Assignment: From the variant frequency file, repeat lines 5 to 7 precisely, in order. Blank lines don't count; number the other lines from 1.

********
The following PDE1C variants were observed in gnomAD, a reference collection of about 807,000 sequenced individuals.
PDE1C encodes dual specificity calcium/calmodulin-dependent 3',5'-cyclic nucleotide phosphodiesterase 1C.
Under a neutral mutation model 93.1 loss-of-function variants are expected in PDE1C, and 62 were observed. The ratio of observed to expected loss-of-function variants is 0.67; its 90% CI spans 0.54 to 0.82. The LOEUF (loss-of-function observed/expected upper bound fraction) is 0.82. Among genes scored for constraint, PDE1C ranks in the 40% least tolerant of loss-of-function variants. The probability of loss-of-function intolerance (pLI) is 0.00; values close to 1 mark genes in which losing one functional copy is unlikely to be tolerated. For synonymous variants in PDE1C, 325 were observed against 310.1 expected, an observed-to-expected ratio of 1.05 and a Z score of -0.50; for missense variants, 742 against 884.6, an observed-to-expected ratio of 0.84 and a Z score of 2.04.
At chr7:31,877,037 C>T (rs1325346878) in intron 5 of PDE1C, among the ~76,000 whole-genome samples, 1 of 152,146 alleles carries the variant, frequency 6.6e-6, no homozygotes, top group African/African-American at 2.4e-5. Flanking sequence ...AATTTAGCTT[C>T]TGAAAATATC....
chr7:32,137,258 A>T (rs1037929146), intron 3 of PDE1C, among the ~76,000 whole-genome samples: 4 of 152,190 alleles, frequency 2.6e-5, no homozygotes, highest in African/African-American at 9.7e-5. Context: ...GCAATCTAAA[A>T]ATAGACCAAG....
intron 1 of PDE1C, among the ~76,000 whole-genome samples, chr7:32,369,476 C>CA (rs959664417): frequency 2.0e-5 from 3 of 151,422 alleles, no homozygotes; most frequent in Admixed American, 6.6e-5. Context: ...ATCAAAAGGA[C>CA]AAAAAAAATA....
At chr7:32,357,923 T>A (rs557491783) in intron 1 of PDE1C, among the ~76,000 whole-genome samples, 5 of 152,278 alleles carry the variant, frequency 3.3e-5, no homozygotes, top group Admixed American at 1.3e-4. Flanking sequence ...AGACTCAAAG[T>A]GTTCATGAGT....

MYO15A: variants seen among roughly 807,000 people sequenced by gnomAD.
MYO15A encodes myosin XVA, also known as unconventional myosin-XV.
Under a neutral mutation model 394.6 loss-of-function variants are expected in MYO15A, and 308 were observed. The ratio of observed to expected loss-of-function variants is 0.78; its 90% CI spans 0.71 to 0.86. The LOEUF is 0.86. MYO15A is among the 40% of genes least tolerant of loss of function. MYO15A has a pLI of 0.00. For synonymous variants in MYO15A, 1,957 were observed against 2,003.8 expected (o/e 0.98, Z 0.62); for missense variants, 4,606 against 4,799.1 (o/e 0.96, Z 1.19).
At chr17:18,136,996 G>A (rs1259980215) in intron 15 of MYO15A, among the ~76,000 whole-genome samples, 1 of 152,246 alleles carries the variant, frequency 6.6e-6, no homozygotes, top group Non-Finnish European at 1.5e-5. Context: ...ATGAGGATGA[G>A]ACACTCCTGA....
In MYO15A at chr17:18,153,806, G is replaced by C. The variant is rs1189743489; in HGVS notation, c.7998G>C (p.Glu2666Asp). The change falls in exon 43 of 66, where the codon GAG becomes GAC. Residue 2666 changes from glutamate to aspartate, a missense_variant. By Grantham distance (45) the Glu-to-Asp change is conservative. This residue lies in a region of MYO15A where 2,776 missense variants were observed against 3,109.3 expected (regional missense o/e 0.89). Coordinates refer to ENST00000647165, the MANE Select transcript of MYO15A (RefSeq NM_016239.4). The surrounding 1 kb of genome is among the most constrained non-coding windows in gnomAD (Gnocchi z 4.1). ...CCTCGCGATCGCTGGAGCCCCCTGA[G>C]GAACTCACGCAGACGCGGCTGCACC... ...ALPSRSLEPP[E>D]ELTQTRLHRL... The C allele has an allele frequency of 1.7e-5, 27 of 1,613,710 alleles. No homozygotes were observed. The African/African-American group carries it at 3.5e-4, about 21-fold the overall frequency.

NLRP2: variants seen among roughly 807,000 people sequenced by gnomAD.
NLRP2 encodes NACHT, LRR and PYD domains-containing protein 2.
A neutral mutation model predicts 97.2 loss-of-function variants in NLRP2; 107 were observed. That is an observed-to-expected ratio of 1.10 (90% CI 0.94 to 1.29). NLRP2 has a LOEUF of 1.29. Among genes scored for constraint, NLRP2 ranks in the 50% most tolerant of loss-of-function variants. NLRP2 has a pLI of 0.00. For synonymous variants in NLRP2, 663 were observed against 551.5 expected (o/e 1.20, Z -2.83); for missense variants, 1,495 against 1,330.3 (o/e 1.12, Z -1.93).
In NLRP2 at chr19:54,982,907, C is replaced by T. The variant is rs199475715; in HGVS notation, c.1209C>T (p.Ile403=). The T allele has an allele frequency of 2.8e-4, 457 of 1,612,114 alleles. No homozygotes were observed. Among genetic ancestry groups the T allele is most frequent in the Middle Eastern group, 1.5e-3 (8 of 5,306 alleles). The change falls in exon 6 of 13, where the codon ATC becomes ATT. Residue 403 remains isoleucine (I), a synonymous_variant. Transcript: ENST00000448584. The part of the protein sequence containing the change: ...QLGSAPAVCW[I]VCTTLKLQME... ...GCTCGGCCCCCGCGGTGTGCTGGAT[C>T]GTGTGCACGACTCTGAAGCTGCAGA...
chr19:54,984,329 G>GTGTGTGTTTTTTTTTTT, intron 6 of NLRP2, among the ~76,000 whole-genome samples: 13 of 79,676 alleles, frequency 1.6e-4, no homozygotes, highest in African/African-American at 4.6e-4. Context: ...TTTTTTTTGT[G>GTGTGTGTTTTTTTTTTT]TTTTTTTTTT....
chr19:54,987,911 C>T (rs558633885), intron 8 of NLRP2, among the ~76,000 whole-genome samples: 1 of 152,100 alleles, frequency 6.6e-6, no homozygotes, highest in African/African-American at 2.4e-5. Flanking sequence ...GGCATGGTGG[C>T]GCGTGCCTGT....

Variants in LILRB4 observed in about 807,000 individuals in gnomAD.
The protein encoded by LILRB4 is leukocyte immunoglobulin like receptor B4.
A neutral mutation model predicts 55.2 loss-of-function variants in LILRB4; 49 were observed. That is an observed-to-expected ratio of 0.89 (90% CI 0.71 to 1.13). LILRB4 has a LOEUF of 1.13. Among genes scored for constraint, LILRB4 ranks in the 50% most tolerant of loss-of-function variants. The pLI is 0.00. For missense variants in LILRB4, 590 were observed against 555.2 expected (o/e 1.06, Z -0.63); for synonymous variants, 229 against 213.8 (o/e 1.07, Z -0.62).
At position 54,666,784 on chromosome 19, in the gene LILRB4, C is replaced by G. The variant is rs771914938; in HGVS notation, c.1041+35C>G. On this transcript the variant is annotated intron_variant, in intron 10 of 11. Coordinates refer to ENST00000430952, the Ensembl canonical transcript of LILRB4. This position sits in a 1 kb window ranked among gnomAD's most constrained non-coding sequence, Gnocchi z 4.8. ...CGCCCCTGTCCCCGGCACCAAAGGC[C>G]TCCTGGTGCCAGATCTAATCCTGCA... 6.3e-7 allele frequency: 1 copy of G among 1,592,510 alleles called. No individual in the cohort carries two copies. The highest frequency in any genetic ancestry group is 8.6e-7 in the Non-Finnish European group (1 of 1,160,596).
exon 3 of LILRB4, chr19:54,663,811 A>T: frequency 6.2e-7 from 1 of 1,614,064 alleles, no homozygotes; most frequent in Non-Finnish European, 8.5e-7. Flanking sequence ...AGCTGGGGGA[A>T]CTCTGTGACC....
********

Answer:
chr7:32,137,258 A>T (rs1037929146), intron 3 of PDE1C, among the ~76,000 whole-genome samples: 4 of 152,190 alleles, frequency 2.6e-5, no homozygotes, highest in African/African-American at 9.7e-5. Context: ...GCAATCTAAA[A>T]ATAGACCAAG....
intron 1 of PDE1C, among the ~76,000 whole-genome samples, chr7:32,369,476 C>CA (rs959664417): frequency 2.0e-5 from 3 of 151,422 alleles, no homozygotes; most frequent in Admixed American, 6.6e-5. Context: ...ATCAAAAGGA[C>CA]AAAAAAAATA....
At chr7:32,357,923 T>A (rs557491783) in intron 1 of PDE1C, among the ~76,000 whole-genome samples, 5 of 152,278 alleles carry the variant, frequency 3.3e-5, no homozygotes, top group Admixed American at 1.3e-4. Flanking sequence ...AGACTCAAAG[T>A]GTTCATGAGT....